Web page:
One important reason for the prevalence of physically exaggerated female leads within the linage of videogames has been the restraints provided by early graphics engines, especially during the late 90’s and early 21st century. When a game character is being rendered in 64 bits and is barely distinguishable from the background it’s placed on, exaggerating feminine traits may be the only way to get across the gender of anyone. (The earliest example of this may be Mrs. Pac-Man and her bright red bow.)

But while the push towards more realistic characters and themes in videogames may end up producing a few less caricatures of women, it may be too optimistic to think that the core of the problem facing gender roles in videogames is likely to change, even with the astounding advancements in computing power since these earliest stereotypes emerged.

The simple truth may be that game audiences prefer to play attractive characters, so studios will continue to produce them. A “less chesty” and more covered-up Lara Croft in the new version of the game might have the appearance of progress at first glance; however, in the end, while the race towards realism and originality may in fact drive video games further and further into political territory, for better or worse, the essential character of games may only be as sophisticated as the audiences for which there are to receive them.

10 Museum Exhibits to Make Time for in 2013

Coutesy of Hammer Museum

Courtesy of Hammer Museum

For some museum exhibits are an acquired taste. Some people don’t understand how non-moving works of art of all shapes and sizes can be so fascinating, which is why we decided it was time to try and change some of those people’s minds. There are many ways to appreciate a museum exhibit, including appreciation for the artist’s craftmanship, appreciation for the symbolism that the exhibit represents, or our personal favorite, appreciation for the larger story and context that accompanies every work of art of this magnitude.

This piece isn’t directed at the people who already appreciate these things and have been appreciating them for years. This piece is directed at the people who think museums and works of art are boring and uninteresting. These aren’t meant to be the 10 best museum exhibits around the country, they are just meant to be 10 exhibits that we think are worth checking out. And hopefully, a few of those people who are skeptical about their own interest in museum exhibits can read a bit about the pieces, go and check one out, and come away with a new appreciation for the appeal of museum exhibits.

Enrico David-Hammer 

This exhibition, held at the Hammer Museum, is Enrico David’s first in LA. It centers on a singular bronze figure, which is circled by paper mummies crawling across the walls and floor of the gallery. Visitors can go from being observers to being participants in this imaginative scene.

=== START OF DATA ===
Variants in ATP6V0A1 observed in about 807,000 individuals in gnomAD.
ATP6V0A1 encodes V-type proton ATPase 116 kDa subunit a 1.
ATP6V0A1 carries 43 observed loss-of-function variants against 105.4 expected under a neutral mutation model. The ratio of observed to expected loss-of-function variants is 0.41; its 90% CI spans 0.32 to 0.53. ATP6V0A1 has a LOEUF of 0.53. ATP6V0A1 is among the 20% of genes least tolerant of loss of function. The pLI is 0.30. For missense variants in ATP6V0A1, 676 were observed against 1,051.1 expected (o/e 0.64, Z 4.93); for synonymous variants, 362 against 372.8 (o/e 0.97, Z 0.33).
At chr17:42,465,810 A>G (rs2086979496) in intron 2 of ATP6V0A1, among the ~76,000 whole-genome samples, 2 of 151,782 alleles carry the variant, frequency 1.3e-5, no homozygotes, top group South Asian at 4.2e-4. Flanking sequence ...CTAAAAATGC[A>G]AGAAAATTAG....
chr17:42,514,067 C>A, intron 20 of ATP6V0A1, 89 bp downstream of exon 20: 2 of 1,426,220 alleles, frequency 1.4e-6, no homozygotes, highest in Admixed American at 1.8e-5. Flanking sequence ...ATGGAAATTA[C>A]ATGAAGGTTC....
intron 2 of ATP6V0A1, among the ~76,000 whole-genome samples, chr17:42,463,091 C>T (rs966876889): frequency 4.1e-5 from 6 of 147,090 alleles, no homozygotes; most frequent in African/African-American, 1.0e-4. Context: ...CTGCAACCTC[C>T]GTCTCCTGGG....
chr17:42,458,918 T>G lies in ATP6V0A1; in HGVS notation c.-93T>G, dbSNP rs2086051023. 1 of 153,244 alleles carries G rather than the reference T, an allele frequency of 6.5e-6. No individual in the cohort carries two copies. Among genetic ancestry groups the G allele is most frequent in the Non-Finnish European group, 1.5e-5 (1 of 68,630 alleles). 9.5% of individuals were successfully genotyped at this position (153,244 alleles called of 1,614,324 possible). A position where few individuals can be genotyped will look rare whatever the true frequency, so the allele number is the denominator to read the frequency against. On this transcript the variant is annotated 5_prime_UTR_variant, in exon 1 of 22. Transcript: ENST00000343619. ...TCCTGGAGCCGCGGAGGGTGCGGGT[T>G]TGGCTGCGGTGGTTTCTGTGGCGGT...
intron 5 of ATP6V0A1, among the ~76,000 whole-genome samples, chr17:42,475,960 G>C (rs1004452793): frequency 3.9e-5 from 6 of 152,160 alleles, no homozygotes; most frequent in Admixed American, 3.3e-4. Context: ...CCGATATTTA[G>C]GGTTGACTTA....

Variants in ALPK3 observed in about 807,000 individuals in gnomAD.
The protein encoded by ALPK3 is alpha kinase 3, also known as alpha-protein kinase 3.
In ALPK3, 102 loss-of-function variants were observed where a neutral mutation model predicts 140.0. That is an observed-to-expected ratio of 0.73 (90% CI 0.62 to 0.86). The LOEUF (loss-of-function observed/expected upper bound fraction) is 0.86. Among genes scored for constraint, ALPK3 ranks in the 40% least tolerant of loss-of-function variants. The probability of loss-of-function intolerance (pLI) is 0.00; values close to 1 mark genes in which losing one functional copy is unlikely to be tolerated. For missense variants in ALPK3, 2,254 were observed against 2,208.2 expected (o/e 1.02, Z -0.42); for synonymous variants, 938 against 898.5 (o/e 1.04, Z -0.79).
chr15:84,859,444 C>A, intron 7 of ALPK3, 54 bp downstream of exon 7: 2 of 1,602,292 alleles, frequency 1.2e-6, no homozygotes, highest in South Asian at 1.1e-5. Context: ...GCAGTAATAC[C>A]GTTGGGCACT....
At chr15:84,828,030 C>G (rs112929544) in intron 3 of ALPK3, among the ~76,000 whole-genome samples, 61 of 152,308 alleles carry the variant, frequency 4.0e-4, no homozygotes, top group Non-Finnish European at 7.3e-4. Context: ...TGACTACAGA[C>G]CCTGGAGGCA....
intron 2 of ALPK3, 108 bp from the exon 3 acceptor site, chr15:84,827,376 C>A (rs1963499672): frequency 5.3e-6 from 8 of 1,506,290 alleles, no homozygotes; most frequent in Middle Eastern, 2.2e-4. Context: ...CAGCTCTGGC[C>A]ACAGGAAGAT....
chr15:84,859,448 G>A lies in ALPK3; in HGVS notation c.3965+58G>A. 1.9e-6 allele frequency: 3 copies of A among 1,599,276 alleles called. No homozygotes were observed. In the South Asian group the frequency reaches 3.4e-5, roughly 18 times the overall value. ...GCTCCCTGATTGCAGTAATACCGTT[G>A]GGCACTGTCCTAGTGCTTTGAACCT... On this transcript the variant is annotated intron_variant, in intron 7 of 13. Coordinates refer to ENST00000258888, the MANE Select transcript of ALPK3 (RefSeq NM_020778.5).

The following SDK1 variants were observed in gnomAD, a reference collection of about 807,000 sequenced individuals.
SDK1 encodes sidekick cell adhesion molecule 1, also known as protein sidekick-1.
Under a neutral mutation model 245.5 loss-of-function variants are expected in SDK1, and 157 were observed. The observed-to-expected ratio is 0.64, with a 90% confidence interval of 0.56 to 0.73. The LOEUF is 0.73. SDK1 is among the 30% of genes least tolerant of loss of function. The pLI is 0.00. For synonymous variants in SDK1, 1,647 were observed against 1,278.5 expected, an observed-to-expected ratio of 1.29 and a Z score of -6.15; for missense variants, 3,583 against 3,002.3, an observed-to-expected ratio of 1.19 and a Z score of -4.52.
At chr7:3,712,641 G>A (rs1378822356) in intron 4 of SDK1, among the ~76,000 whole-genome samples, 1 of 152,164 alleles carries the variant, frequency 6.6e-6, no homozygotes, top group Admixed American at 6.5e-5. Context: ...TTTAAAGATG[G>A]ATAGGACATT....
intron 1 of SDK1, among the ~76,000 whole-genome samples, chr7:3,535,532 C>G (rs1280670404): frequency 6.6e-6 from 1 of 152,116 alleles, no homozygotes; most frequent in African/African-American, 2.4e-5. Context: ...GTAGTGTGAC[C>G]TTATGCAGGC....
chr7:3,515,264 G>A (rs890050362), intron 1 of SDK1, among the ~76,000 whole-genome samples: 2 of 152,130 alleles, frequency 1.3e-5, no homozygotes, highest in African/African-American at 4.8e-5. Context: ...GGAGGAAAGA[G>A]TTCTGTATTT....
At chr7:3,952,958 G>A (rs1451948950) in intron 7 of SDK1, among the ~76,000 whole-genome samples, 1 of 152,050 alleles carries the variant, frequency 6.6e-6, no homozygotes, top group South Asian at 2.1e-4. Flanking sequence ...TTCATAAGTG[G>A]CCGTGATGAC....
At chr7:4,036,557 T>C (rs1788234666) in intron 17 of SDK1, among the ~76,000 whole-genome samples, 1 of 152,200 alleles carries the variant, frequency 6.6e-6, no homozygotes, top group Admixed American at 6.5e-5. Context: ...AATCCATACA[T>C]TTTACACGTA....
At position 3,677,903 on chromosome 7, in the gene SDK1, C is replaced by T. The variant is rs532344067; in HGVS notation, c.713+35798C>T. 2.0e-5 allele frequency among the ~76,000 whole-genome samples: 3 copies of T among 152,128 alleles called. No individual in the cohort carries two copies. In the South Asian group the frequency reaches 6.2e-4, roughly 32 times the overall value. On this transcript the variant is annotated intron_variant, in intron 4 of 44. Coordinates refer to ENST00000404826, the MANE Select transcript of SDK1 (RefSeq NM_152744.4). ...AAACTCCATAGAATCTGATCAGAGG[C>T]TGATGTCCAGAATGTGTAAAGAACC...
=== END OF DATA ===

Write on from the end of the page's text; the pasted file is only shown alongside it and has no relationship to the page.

Enrico David’s work can be seen at the Hammer until May 5th.

Alexandre Singh: The Pledge –The drawing Center 

This presentation of Alexandre Singh’s work will be the first in North America. The exhibition focuses on the artist’s new series of Assembly Instructions called ‘The Pledge’. The pieces are derived from interviews that the artist conducted during 2011 with notable figures including scientists, artists and filmmakers, these have then been transformed into fictional dialogues.

This exhibition is being held in The Drawing Centre in New York until March 13th.

Gravity and Grace: Monumental Works by Anatsui – Brooklyn Museum

The globally renowned artist El Anatsui has opened his first solo exhibition in a New York museum. The show features over 30 works that use metal and wood and transform objects we would all recognize into site-specific sculptures. The exhibition also includes 12 recent monumental sculptures, which represent Anatsui’s career progression.

You can see Anatsui’s work until August 4th in the Brooklyn Museum.

Angels, Demons and Savaged: Pollock, Ossorio, Dubuffet –Phillips Collection

This exhibition explores American abstract expressionism and tells the little known tale of the relationship between three seminal artists of the time, Jackson Pollock, Alfonso Ossorio and Jean Dubuffet. The exhibition contains 55 pieces and it reunites works by Pollock and Dubuffet from Osorio’s collection for the first time since his death.

The exhibition is running until May 12th in The Phillips Collection in Washington.

Gutai: Splendid Playground – Guggenheim

‘Guitai: Splendid Playground’ presents Japans most creative works from the influential avant-garde collective of the post-war era. Founded by artist Yoshihara Jiro in 1954, the Gutai group was legendary. It’s young members caused a stir by exploring new collaborative art forms. Amidst wartime totalitarianism, Gutai pioneered ethics of creative freedom.